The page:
We all know how frustrating it is when a debtor is either unable or unwilling to pay you money that is due and owing. When the amount of that debt is significant, it is inevitable that you will have to expend time and further money on legal fees trying to recover that debt. In most circumstances, at least a portion of those legal costs can also be recovered from your debtor. There are, however, a couple of things that you can do to assist with recovery of your legal fees.

Be Proactive With Your Contract Drafting

Ensure that a lawyer has adequately drafted your contract if you require a party to pay you for either goods or services. Your contract should include a clause (or clauses) setting out your rights and entitlements in circumstances where that party defaults on payment. A well-drafted contract will state that you are entitled to claim ALL of your costs of recovery, including legal fees, from your debtor once they have defaulted on payment. You can rely on this clause during negotiations with your debtor, as well as later if you are required to commence formal court proceedings.  

Letter of Demand

Before you can begin formal court proceedings, you must send your debtor a letter of demand. As the name suggests, the purpose of a letter of demand is to demand payment of the outstanding debt from the debtor. It provides the debtor with a final opportunity to pay the debt before you commence court proceedings. 

It is also important that your letter of demand not only set out the amount of the principal debt which is owing but that if you choose to commence court proceedings, the debtor will be liable to pay your additional legal costs. Sometimes, this alone is sufficient motivation for your debtor to pay any outstanding amount.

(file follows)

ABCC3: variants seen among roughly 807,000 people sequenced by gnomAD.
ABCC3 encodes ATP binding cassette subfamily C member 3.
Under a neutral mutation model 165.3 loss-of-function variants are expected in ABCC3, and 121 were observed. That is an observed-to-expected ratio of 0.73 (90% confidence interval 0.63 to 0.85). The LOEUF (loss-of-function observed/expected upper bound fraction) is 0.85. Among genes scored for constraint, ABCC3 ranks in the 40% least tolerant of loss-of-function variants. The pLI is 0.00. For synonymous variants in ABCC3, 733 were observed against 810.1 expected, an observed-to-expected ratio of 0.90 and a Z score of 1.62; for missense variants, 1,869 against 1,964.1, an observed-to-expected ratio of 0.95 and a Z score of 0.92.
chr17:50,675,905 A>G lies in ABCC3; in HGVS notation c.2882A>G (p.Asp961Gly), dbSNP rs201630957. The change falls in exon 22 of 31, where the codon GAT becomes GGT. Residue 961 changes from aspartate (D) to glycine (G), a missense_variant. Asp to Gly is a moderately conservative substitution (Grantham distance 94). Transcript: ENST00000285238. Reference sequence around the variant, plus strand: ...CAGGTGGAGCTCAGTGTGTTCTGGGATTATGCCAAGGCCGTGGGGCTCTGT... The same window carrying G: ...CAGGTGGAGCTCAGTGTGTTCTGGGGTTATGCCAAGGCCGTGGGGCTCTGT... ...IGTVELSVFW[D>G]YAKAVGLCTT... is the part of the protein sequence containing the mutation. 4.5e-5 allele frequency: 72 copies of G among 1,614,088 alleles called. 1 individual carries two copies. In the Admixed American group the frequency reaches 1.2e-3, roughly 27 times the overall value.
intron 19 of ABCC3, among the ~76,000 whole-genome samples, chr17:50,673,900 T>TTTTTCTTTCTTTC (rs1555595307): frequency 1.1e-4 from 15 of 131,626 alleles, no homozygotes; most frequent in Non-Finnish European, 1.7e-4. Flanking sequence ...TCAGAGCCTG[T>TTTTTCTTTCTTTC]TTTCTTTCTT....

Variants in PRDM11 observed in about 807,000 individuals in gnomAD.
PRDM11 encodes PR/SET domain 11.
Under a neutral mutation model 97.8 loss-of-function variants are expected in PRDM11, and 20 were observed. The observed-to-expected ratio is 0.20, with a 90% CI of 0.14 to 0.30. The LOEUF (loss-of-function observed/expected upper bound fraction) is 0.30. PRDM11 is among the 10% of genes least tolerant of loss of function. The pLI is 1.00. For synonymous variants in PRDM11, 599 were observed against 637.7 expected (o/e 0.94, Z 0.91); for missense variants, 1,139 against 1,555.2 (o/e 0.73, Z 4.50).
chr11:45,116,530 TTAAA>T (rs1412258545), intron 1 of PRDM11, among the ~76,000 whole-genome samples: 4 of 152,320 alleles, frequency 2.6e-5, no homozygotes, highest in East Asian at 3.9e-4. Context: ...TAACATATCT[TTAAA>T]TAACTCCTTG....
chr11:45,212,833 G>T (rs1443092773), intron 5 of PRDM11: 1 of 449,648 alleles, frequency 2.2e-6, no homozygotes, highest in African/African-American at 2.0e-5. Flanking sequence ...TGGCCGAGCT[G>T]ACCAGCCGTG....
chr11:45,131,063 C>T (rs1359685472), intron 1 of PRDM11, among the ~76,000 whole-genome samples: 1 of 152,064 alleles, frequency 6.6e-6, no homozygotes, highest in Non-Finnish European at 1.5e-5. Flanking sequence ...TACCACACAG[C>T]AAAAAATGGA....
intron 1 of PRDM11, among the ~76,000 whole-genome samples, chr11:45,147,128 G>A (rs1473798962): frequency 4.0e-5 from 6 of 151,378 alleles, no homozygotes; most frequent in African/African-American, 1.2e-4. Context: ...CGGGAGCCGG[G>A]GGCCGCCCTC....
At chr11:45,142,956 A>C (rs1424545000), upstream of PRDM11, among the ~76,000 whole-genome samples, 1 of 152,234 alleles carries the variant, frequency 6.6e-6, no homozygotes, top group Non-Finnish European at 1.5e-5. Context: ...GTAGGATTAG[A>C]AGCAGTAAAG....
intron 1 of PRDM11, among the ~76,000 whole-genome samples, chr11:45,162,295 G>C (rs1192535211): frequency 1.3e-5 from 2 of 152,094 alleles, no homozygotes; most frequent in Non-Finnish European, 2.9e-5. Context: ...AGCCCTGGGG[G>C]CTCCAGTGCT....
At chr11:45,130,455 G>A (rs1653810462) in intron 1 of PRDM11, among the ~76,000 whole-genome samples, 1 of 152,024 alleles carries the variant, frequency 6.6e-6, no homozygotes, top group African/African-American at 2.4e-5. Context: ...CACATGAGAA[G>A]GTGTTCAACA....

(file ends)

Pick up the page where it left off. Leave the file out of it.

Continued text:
What Else do I Need to Know?

There are some other important factors you should know once you have initiated court proceedings: 

  1. If you commence proceedings in the Small Claims Division of the NSW Local Court, your legal costs are capped. For example, if your claim is worth between $5,000 and $10,000, you can only claim a maximum of $802.56 in legal costs (current as at 23 June 2016).
  2. A party that is self-represented is not usually entitled to recover professional legal costs.
  3. If you are unsuccessful in your proceedings, the court can make an order requiring you to pay the defendant’s legal costs. The court can order costs on either an ordinary basis or an indemnity basis. For more information on the types of costs and orders that a court can make, you can read our article, ‘But I won!  Why can’t I recover all of my out of pocket expenses and legal costs?.
  4. Costs can be awarded against any party who causes an unnecessary delay during proceedings.  


If you require your contracts reviewed or need to start debt recovery proceedings, or if you have any questions about the Small Claims Court, get in touch with LegalVision’s disputes resolutions lawyers on 1300 544 755 or fill out the form on this page. 

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